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Wintertime Grilling: Cooking Safely in Comfort PDF Print E-mail


Grilled Dijon New Potatoes

Honey Mustard-Glazed Pork Medallions

Adobo Pork

Roast Chicken Breasts with Cranberry-Horseradish Relish

Grilled Scallops with Roasted Red Pepper Sauce

This is Part 2 of a Two-Part Series on Wintertime Outdoor Cooking by Mike Stines, Ph.B. Part 1 is here.

In the northern climes, outdoor cooking can present some challenges during late fall, winter and early spring when the winds are blustery and the temperatures hover near–or well below–the freezing mark. Cooking times will be longer…the grill or smoker will have a hard time holding temperature…and the cook will be cold!

But there are ways to defeat Mother Nature. Propane heaters for your deck or patio provide a comfort zone while cooking. Layering clothing keeps the cook comfortable walking to and from the grill. Preheated plates and serving dishes keep the food warm from the grill to the table.

A few tips for cold weather grilling:

Plan on using more fuel. My formula is to plan on using 50 percent more charcoal in the grill. Lump charwood is the preferred fuel for charcoal grills, as it burns hotter than briquettes.

• Propane acts differently at lower temperatures. As the temperature decreases pressure in the tank also decreases, resulting in a lower flow. If it’s extremely cold, a partially filled tank might not develop enough pressure to keep the grill burning. Be sure your tank is at least one-half filled before beginning to cook.


Preheating will take longer. Allow an additional ten to 15 minutes to preheat your grill (whether charcoal or gas). Be sure to take snow and ice off of the grill.

Cooking will take longer. I guesstimate an additional four minutes of cooking time for every five degrees below 45 degrees F. but always use a thermometer to check for doneness. Placing ceramic fire bricks around the cooking grate will help maintain the grill’s temperature by reducing convection heat loss.

Wind is your enemy. Wind and rain have a greater impact on cooking times than cold temperatures. Both wick heat away from the grill, so try to find a location that is at least partially shielded from the elements. (Of course, never use your grill in an enclosed area such as a car port or garage, and keep your grill a safe distance from your house.)

Keep the grill cover closed. Every time the grill is opened to tend to the food (or just to peek), the temperature will drop. On average, opening the grill’s cover will add 15 minutes to the cooking time.

Dress warmly. Unlike cooking barbecue, grilling won’t expose you to frigid temperatures for too long of a time, so you won’t need heavy-duty winter clothing. My preference is to wear a medium-weight crew base layer, a wool shirt, jeans (with a medium-weight base layer if it’s really cold), boots with ski socks and a hooded canvas work jacket.

In my research for this article I contacted three major “outfitters” seeking recommendations on appropriate clothing. Only one company–Cabela’s–responded with a detailed list of suggested attire and included URL links.


Don’t wear anything loose such as bulky down jackets or anything flowing like scarfs. While I like welders’ gloves or Lodge leather gloves for moving large pieces of meat around the grill they are bulky and make handling tongs and spatulas difficult. One alternative is the Pit Mitt by Charcoal Companion. The Pit Mitt is an aramid fiber (think Nomex and Kevlar) glove with a cotton liner than will withstand temperatures up to 475 degrees F.

It gets dark early. While some grills are equipped with LED lights in the handle most are not. Invest in a good grill light (such as the Maverick GL-03) or a backpacking headlamp so you can see what’s cooking.

Be sure to clear the pathway to the grill. Carrying food and utensils to the grill can become out-right dangerous climbing over snow drifts or sliding on ice-covered decks. Shovel a pathway to–and around–the grill, and use sand to create some traction on slippery surfaces.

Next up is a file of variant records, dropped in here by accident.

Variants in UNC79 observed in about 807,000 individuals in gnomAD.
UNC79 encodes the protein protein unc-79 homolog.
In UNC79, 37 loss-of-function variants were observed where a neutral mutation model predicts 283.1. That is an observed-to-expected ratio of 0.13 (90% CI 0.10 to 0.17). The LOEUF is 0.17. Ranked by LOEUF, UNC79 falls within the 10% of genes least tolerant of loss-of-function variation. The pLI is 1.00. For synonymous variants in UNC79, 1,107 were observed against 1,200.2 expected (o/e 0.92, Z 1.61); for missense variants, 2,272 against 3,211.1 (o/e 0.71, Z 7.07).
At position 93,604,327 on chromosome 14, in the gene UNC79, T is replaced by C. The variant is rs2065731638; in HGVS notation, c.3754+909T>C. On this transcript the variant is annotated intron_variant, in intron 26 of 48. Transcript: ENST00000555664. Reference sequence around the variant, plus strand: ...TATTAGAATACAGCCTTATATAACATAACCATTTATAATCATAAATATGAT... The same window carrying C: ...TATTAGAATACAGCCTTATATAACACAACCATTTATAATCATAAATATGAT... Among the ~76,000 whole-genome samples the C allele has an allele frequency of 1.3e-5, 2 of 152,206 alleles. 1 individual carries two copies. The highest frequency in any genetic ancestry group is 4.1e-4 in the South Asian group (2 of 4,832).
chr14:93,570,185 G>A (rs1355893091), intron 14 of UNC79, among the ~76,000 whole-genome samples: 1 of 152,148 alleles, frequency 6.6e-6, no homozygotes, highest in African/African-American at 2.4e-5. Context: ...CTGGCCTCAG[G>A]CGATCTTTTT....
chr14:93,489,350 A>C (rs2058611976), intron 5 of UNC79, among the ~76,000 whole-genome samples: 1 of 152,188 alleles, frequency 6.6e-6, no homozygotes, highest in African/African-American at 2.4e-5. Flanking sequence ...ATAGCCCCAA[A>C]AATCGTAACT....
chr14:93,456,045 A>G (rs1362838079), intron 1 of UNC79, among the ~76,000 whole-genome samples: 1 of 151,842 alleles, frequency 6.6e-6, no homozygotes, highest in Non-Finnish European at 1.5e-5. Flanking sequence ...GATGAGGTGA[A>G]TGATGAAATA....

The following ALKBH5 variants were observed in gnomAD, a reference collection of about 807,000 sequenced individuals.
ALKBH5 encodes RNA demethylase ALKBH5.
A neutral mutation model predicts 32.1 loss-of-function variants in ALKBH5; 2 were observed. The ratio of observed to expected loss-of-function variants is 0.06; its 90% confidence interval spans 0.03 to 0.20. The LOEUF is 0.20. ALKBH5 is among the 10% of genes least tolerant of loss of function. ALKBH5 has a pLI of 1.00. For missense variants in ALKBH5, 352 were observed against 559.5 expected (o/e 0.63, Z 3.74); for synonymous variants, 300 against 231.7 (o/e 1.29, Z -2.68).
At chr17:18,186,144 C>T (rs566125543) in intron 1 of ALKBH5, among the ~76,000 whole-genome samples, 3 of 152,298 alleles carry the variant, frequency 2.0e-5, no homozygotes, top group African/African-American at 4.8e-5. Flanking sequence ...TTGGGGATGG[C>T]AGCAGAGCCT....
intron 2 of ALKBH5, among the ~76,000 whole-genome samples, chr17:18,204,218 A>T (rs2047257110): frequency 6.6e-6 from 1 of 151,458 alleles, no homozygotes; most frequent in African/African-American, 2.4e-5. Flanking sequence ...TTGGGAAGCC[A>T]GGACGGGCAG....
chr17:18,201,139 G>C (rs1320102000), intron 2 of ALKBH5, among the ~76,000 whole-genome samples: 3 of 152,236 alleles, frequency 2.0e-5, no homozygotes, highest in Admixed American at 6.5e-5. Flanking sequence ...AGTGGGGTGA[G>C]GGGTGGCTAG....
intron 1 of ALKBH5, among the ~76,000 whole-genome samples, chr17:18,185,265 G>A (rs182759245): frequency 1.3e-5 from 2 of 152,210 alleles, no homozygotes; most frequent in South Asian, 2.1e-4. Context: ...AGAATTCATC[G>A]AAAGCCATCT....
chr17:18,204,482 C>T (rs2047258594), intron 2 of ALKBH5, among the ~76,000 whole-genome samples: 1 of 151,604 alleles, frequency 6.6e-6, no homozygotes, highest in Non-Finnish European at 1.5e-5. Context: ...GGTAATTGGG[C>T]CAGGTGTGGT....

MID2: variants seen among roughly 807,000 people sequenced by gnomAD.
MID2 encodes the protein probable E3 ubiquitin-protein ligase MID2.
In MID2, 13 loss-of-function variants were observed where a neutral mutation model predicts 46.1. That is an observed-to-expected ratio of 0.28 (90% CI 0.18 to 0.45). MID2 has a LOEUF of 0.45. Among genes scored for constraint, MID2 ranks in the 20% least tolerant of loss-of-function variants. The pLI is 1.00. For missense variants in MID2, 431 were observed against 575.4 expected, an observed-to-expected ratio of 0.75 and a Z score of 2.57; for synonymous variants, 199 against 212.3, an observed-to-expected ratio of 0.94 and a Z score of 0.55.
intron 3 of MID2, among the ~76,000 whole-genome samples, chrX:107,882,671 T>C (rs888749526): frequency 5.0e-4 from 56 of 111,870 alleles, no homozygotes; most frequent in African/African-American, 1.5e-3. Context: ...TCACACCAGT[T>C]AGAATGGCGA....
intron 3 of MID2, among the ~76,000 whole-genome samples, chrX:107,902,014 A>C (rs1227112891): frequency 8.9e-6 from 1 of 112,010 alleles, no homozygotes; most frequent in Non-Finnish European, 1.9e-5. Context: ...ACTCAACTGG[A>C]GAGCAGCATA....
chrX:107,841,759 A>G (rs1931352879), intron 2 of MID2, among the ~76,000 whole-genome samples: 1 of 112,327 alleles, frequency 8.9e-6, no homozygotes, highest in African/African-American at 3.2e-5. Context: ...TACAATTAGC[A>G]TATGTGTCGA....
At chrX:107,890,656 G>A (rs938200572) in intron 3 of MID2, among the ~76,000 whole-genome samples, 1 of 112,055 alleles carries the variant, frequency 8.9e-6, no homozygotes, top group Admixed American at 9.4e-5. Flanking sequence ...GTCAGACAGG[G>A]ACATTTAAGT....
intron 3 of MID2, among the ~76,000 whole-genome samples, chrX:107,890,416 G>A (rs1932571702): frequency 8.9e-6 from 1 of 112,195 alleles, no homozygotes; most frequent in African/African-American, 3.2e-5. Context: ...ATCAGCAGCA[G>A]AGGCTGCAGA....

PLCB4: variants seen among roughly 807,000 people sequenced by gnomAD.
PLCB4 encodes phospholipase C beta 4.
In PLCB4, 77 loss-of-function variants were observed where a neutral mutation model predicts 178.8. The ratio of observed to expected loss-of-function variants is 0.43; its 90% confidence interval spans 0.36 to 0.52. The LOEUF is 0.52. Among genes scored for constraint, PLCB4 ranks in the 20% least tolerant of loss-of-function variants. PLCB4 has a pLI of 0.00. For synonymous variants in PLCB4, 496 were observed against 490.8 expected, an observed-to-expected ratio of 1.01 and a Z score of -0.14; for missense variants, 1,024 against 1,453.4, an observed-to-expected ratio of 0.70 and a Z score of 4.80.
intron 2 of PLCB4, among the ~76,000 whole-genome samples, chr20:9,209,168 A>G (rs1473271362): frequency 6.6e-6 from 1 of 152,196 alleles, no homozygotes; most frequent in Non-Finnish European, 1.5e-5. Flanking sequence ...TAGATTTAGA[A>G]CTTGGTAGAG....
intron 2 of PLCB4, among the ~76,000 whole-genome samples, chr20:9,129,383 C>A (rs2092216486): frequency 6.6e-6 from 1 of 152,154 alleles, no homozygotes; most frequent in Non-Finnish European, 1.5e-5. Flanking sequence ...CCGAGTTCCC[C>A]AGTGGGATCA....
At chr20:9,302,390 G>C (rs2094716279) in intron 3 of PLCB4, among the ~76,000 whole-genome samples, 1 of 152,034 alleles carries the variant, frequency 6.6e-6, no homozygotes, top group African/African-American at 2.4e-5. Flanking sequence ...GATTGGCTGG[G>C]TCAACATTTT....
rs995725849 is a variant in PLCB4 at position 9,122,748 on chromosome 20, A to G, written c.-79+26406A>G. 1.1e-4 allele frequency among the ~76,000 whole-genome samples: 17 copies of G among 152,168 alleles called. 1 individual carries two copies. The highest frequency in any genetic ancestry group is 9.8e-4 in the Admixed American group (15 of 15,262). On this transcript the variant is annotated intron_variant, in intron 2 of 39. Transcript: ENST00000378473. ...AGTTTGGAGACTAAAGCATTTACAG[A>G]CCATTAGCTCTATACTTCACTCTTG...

Not all grills are created equal. Thick-walled ceramic cookers such as the Big Green Egg, Kamado Joe or Grill Dome provide more insulation than thin-walled steel grills. Infrared grills also work better in the cold, as they cook by radiation instead of convection.

Use preheated platters. Preheat platters in a microwave or atop the grill to keep the food warm from the grill to the table.

While a multi-course gourmet meal might sound tempting, keep the menu simple.

Grilled Dijon New Potatoes

6 small Red Bliss potatoes (about two inches in diameter)

2 tablespoons Dijon-style mustard

3 tablespoons canola oil

1 green onion, finely chopped

1 tablespoon chopped fresh rosemary

2 cloves garlic, crushed

1 teaspoon granulated sugar

1 teaspoon hot Hungarian paprika

Coarse kosher salt and freshly ground black pepper, to taste

Scrub the potatoes. In a medium saucepan over medium heat, boil potatoes in salted water until barely tender, about six to eight minutes. Drain and cool. When cool enough to handle, slice potatoes in half.

In a medium mixing bowl, whisk together mustard, oil, onion, rosemary, garlic, sugar and paprika. Add potatoes and toss to coat.

Preheat grill for medium-high direct cooking. Cook potatoes for eight to 10 minutes or until browned, turning often.

Yield: Two servings
Heat Scale: Mild

Honey-Mustard Glazed Pork Medallions

Pork tenderloin, which has very little fat, can be made more flavorful by marinating and seasoning before cooking. Remember when cooking pork not to overcook the meat. These medallions, marinated with mustard and chile powder, have a sweet-hot taste and light glaze from the honey. (This recipe requires advance preparation.)

1 (9-ounce) pork tenderloin

1/4 cup clover honey

1/4 cup Dijon-style mustard

1 teaspoon Ancho chile powder

1/2 teaspoon kosher salt

1/2 teaspoon black pepper

1/4 teaspoon ground cloves

Using a sharp boning knife, remove the silverskin from the tenderloin. Slice the tenderloin into 1/2-inch medallions.

In a large bowl, stir together honey, mustard, salt, pepper, cloves and chile powder. Add meat and turn to coat. Cover and refrigerate, turning meat occasionally, for at least four hours.

Prepare grill for medium-high direct cooking. Cook medallions, covered, about two to three minutes per side or to an internal temperature of 145 degrees F. Remove medallions from grill, tent with foil, and keep warm in a low oven until service.

Yield: Two servings
Heat Scale: Medium

Grilled Maple-Mustard Pork Chops

My oldest daughter lives in southern New Hampshire and volunteers with her husband at one of the area ski resorts. This is one of her favorite winter recipes when coming home from the slopes on a cold winter night.